Although in the above described embodiment, semiconducting barium titanate is used as a ceramics semiconductor, it should be noted that the ceramics semiconductor is not limited to the same. Another n type semiconductor which can be selected comprises, for example, TiO2, V2 O5, MoO2, PbCrO4, SnO2, Fe3 O4, ZnO and WO3. In addition, another p type semiconductor comprises, for example, CoO, Cu2 O, MoO2, Cr2 O3, SnO, MnO and NiO.

Referring to FIG. 7, the same portions as shown in FIG. 1 are denoted by the same reference characters, and the description thereof are not repeated. Correcting electrodes 14 and 15 are respectively provided between the detecting electrodes 2, 3 and respective end portions of the base member 1 in the longitudinal direction. A direct current variable power supply 16 is connected to the correcting electrodes 14 and 15.

Ideally, the potential distribution between the heating electrodes 4 and the detecting electrodes 2 and 3 is as shown in FIG. 8A, when no fluid flows therethrough. However, when the heating electrodes 4 are not positioned at the center of the base member 1, an offset voltage is generated between the detecting electrodes 2 and 3, in addition to the cases described in association with FIG. 5. In such cases, there are the difference in temperature (ΔTer) shown in FIG. 8B and the potential difference (ΔVer) shown in FIG. 8C generated between the detecting electrodes 2 and 3, even if the flow rate is 0.

A voltage for setting off the offset voltage between the detecting electrodes 2 and 3 is applied from the power supply 16. Before the application of the voltage for setting off the offset voltage from the power supply 16, there is the offset voltage ΔVer generated, since there is such a potential distribution as shown by the dotted line in FIG. 8D. After the application of the voltage, the potential distribution becomes as shown by the solid line in FIG. 8D and the potentials at the positions l, and l2 of the detecting electrodes 2 and 3 become equal to each other. Therefore, an output of a thermoelectromotive force is not produced.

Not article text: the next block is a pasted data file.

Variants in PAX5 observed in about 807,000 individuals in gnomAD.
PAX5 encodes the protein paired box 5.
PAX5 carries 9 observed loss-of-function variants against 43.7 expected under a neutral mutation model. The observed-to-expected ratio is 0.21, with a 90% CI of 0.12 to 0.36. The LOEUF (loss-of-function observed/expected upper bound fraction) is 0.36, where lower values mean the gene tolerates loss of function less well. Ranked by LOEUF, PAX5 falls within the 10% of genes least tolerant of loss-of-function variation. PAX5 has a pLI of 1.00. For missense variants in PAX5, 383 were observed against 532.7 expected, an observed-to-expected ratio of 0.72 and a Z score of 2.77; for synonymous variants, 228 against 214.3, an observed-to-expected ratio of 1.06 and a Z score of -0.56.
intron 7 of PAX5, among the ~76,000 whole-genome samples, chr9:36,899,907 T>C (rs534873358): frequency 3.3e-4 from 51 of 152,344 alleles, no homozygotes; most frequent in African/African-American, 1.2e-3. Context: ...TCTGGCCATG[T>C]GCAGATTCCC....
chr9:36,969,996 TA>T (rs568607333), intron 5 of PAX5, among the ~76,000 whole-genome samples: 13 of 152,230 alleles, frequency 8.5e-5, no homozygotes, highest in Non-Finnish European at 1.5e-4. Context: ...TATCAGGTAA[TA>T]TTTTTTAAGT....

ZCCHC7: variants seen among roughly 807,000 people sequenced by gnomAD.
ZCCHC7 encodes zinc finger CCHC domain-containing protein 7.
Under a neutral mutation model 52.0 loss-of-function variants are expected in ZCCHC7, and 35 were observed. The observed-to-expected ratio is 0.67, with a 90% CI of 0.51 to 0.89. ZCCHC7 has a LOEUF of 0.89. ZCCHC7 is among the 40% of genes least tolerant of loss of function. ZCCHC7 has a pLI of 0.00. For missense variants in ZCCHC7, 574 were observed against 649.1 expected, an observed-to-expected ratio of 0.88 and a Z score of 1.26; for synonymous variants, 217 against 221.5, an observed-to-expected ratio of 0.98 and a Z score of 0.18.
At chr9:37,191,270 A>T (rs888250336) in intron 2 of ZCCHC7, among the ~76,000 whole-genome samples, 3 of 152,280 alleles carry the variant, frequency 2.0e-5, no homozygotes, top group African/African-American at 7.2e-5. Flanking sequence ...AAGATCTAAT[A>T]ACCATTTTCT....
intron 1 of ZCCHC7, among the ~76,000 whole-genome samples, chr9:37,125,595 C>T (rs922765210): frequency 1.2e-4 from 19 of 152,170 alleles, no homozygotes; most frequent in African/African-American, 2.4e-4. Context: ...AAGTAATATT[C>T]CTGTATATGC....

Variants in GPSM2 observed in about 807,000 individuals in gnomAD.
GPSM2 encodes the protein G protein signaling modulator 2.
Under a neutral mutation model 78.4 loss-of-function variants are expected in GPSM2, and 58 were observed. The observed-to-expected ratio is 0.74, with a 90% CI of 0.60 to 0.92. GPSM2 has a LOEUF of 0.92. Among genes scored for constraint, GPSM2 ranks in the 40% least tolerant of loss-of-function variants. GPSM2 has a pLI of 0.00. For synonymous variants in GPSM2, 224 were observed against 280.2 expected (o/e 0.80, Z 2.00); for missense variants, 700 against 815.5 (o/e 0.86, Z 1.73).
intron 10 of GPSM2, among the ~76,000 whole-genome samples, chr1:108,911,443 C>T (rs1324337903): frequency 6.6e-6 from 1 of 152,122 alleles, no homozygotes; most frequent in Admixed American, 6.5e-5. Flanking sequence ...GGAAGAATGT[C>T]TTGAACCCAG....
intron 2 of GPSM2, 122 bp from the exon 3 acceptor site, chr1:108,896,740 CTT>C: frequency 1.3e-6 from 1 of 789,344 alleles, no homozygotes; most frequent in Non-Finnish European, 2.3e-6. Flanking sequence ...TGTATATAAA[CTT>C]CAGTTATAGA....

The correcting electrodes 14 and 15 may be respectively provided between the detecting electrodes and respective end surfaces of the base material 1, as shown in FIG. 7. The correcting electrodes 141 and 151 may be provided between the detecting electrodes as shown by the dotted line in FIG. 7. The correcting electrodes may be formed on the surfaces of the base material 1 except the surface on which the detecting electrodes are formed.

Although the present invention has been described and illustrated in detail, it is clearly understood that the same is by way of illustration and example only and is not to be taken by way of limitation, the spirit and scope of the present invention being limited only by the terms of the appended claims.

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Referenced by
Citing PatentFiling datePublication dateApplicantTitle
US6365880Dec 19, 2000Apr 2, 2002Delphi Technologies, Inc.Heater patterns for planar gas sensors
US6435005Dec 19, 2000Aug 20, 2002Delphi Technologies, Inc.Heater patterns for planar gas sensors
US6486449Oct 29, 2001Nov 26, 2002Delphi Technologies, Inc.Heater patterns for planar gas sensors
US7557385Jan 12, 2006Jul 7, 2009Takashi KatodaElectronic devices formed on substrates and their fabrication methods
US7671378Jan 12, 2006Mar 2, 2010Takashi KatodaPhotonic devices formed on substrates and their fabrication methods
US7759693 *May 19, 2004Jul 20, 2010Takashi KatodaPhotonic devices formed of high-purity molybdenum oxide
US20040240501 *May 19, 2004Dec 2, 2004Takashi KatodaPhotonic devices formed of high-purity molybdenum oxide
US20060157695 *Jan 12, 2006Jul 20, 2006Takashi KatodaElectronic devices formed on substrates and their fabrication methods
US20060157696 *Jan 12, 2006Jul 20, 2006Takashi KatodaPhotonic devices formed on substrates and their fabrication methods
US20100265978 *Jun 24, 2010Oct 21, 2010Takashi KatodaPhotonic devices formed of high-purity molybdenum oxide
Classifications
U.S. Classification73/204.24
International ClassificationG01F1/688, G01P5/12, G01F1/68, G01P13/04, G01F1/692, G01P5/10
Cooperative ClassificationG01F1/6888, G01P13/04, G01P5/10
European ClassificationG01P5/10, G01P13/04, G01F1/688T